Malware called VPNFilter has infected 500,000 router brands ranging from Linksys, MikroTik, NETGEAR and TP-Link that are mostly used in home offices. Researchers at Cisco Talos said they decided to warn the public of the threat despite the fact the infected devices and malware are still under investigation.
Researchers said their investigation into VPNFilter has been over the last several months and included both law enforcement and private-sector intelligence partners. “We have not completed our research, but recent events have convinced us that the correct way forward is to now share our findings so that affected parties can take the appropriate action to defend themselves,” researchers wrote in a Wednesday post.
Talos believes the attacks are being perpetrated by state-sponsored or state-affiliated actors and that an attack leveraging those compromised devices could be “imminent.” Researchers can’t say for sure who is behind VPNFilter, but say code used by the malware authors overlap with BlackEnergy malware used in previous attacks in the Ukraine. Currently, VPNFilter malware has been found mostly on devices in the Ukraine, but also in 54 additional countries.
“The behavior of this malware on networking equipment is particularly concerning, as components of the VPNFilter malware allows for theft of website credentials and monitoring of Modbus SCADA protocols,” researchers wrote.
Researchers said the malware has destructive capabilities that allow an attacker to either infect a device or render it unusable. “[This] can be triggered on individual victim machines or en masse, and has the potential of cutting off internet access for hundreds of thousands of victims worldwide,” the report stated.
More troubling to researchers, as of Thursday they “observed another substantial increase in newly acquired VPNFilter victims focused in Ukraine.”
The malware itself is multi-staged with phase one including VPNFilter targeting a number of CPU architectures of devices running firmware based on Busybox and Linux.
“The main purpose of these first-stage binaries is to locate a server providing a more fully featured second stage, and to download and maintain persistence for this next stage on infected devices,” Talos wrote.
Researchers said that this method of achieving persistence differs from other similar IoT malware such as Mirai. The Mirai malware could be removed from a device with a simple reboot. VPNFilter, on the other hand, “is capable of modifying non-volatile configuration memory values and adds itself to crontab, the Linux job scheduler, to achieve persistence,” according to the report.
After the malware has burrowed its way into a system’s memory, it begins to download an image from the image hosting site Photobucket, or from the domain toknowall[.]com as a backup. From the image downloaded, the malware extracts an IP address embedded in the image’s EXIF metadata that is used as a “listener” for the malware to receive instructions to initiate stage two.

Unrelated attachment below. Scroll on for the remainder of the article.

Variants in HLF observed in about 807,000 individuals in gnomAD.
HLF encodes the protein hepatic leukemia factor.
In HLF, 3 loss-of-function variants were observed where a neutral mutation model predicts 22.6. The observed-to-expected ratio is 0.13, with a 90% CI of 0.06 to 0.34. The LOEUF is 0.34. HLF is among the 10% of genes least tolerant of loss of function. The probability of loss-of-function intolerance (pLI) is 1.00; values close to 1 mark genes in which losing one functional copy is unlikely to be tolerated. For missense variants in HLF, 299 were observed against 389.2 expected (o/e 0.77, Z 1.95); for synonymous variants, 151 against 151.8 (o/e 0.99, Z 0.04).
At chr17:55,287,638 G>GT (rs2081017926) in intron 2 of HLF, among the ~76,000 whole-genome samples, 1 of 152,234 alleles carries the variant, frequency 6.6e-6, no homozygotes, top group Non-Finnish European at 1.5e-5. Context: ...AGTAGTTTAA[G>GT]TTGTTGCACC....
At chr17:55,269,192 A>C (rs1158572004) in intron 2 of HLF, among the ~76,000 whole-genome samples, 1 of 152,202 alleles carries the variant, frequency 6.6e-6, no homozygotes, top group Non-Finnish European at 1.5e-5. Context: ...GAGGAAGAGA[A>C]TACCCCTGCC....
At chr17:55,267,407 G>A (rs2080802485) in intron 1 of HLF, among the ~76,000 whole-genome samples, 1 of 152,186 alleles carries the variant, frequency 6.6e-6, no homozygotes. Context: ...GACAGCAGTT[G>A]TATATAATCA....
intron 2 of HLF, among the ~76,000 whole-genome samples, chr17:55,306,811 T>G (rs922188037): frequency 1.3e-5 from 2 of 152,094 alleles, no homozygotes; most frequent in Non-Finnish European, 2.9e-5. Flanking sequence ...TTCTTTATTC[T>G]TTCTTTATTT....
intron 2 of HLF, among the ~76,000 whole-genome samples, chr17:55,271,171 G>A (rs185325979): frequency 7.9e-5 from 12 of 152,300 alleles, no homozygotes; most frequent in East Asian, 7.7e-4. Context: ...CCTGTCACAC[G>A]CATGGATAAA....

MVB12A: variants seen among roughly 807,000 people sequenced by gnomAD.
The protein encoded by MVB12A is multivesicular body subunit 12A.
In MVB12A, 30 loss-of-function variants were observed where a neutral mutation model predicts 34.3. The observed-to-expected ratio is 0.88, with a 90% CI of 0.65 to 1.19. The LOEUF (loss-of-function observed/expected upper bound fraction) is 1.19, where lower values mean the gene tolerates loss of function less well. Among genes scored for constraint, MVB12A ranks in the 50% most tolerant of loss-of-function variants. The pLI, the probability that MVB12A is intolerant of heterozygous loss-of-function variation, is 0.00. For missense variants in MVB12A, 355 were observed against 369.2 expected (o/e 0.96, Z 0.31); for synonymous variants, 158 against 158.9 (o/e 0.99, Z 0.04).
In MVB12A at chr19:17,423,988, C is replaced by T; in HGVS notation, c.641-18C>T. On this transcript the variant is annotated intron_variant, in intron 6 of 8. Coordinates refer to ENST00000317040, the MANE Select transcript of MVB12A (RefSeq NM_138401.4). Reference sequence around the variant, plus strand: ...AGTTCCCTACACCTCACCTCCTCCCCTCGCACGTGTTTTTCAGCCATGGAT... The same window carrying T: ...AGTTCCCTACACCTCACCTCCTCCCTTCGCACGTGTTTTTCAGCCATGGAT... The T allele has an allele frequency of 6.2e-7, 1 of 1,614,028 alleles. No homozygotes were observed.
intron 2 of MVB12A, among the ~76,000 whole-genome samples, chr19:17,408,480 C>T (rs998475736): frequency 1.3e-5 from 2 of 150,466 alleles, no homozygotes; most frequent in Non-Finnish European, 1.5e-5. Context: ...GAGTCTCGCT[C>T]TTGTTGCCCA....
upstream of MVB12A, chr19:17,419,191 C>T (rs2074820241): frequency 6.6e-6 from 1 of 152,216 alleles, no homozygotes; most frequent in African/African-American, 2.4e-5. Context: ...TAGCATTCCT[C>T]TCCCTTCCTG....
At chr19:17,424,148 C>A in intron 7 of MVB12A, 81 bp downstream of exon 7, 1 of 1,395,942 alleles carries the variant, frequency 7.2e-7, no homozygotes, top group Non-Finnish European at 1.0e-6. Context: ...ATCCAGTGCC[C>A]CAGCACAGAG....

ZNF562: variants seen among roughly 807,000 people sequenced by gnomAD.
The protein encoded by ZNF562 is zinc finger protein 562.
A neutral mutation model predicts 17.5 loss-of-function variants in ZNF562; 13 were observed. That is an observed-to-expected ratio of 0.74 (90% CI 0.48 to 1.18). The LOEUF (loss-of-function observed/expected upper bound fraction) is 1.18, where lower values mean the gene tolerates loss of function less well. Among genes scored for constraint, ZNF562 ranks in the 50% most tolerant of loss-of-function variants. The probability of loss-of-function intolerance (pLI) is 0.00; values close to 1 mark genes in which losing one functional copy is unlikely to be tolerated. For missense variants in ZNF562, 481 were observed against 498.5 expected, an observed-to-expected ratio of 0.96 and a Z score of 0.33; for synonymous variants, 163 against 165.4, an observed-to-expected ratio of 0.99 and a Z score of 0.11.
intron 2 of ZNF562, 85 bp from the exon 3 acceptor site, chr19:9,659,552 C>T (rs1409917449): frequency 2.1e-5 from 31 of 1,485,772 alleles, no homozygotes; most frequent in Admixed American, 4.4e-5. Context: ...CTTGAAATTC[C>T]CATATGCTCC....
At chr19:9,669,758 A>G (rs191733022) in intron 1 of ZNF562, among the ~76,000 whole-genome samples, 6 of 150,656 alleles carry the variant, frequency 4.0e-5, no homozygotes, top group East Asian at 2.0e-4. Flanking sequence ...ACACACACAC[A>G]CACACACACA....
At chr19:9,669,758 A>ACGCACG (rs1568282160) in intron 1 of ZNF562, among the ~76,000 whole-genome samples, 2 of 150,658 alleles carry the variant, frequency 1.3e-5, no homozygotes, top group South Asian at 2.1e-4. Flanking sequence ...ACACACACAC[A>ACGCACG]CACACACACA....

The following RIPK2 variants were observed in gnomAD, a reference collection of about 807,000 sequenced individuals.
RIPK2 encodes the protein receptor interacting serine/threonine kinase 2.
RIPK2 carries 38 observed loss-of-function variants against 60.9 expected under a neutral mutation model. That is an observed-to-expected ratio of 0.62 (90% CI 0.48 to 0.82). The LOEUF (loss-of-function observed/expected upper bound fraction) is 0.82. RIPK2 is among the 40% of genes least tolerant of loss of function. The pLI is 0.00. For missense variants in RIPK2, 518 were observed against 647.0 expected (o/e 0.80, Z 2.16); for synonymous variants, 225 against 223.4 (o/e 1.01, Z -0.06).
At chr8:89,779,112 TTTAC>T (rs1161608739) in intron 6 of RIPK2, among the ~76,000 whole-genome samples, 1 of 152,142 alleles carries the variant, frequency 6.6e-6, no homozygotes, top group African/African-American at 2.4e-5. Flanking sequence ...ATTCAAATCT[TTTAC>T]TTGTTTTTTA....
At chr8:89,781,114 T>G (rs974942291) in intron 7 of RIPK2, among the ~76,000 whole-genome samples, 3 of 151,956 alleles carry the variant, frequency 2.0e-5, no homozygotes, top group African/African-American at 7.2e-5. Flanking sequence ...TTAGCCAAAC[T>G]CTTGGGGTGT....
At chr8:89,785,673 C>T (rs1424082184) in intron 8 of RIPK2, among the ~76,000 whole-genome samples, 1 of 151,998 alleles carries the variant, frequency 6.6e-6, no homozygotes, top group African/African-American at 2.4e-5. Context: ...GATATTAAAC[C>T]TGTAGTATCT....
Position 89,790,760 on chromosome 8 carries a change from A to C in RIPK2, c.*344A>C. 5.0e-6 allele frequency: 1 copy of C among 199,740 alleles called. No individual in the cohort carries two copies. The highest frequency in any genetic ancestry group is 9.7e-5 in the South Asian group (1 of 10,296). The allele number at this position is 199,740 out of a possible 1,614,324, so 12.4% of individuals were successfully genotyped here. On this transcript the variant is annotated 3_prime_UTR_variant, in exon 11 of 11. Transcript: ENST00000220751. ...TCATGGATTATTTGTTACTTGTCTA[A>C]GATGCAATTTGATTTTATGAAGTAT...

“The stage 2 malware first sets up the working environment by creating a modules folder (/var/run/vpnfilterm) and a working directory (/var/run/vpnfilterw). Afterward, it will run in a loop, where it first reaches out to a C2 server, and then executes commands retrieved from the C2,” researchers wrote.
Malicious capabilities of VPNFilter include bricking the host device, executing shell commands for further manipulation, creating a ToR configuration for anonymous access to the device, or maliciously configuring the router’s proxy port and proxy URL to manipulate browsing sessions.
A third stage of the malware has also been observed where attackers leverage as many as two plugin modules – a packet sniffer and a communication plugin. Both leverage ToR to cloak communications. The packet sniffer module is capable of intercepting network traffic through a “raw socket” and looks for strings used in HTTP basic authentications. “This allows the attackers to understand, capture, and track the traffic flowing through the device,” researchers said.
Links made to the Russian-speaking actors with the BlackEnergy APT group were made when Cisco Talos researchers closely examined the malware’s encrypted binaries. “Analysis of this RC4 implementation shows that it is identical to the implementation used in BlackEnergy, which is believed by law enforcement agencies to originate with a state actor,” researchers stated.
“VPNFilter is an expansive, robust, highly capable, and dangerous threat that targets devices that are challenging to defend. Its highly modular framework allows for rapid changes to the actor’s operational infrastructure, serving their goals of misattribution, intelligence collection, and finding a platform to conduct attacks,” Talos researchers said.